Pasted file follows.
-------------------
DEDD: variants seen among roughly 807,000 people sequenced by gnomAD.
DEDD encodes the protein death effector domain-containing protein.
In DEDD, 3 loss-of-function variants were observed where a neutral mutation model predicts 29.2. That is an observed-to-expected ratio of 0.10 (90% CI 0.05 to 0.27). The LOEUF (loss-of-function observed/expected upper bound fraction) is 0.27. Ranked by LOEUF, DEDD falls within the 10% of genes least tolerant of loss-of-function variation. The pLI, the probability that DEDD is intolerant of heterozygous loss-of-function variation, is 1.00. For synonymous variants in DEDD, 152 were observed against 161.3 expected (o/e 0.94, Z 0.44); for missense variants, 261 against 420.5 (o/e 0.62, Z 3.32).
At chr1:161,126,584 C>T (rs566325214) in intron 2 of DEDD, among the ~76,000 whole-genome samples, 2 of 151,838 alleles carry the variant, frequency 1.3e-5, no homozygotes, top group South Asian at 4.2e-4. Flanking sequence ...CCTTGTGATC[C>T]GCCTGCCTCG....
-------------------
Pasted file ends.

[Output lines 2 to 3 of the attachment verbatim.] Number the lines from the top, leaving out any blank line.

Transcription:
DEDD encodes the protein death effector domain-containing protein.
In DEDD, 3 loss-of-function variants were observed where a neutral mutation model predicts 29.2. That is an observed-to-expected ratio of 0.10 (90% CI 0.05 to 0.27). The LOEUF (loss-of-function observed/expected upper bound fraction) is 0.27. Ranked by LOEUF, DEDD falls within the 10% of genes least tolerant of loss-of-function variation. The pLI, the probability that DEDD is intolerant of heterozygous loss-of-function variation, is 1.00. For synonymous variants in DEDD, 152 were observed against 161.3 expected (o/e 0.94, Z 0.44); for missense variants, 261 against 420.5 (o/e 0.62, Z 3.32).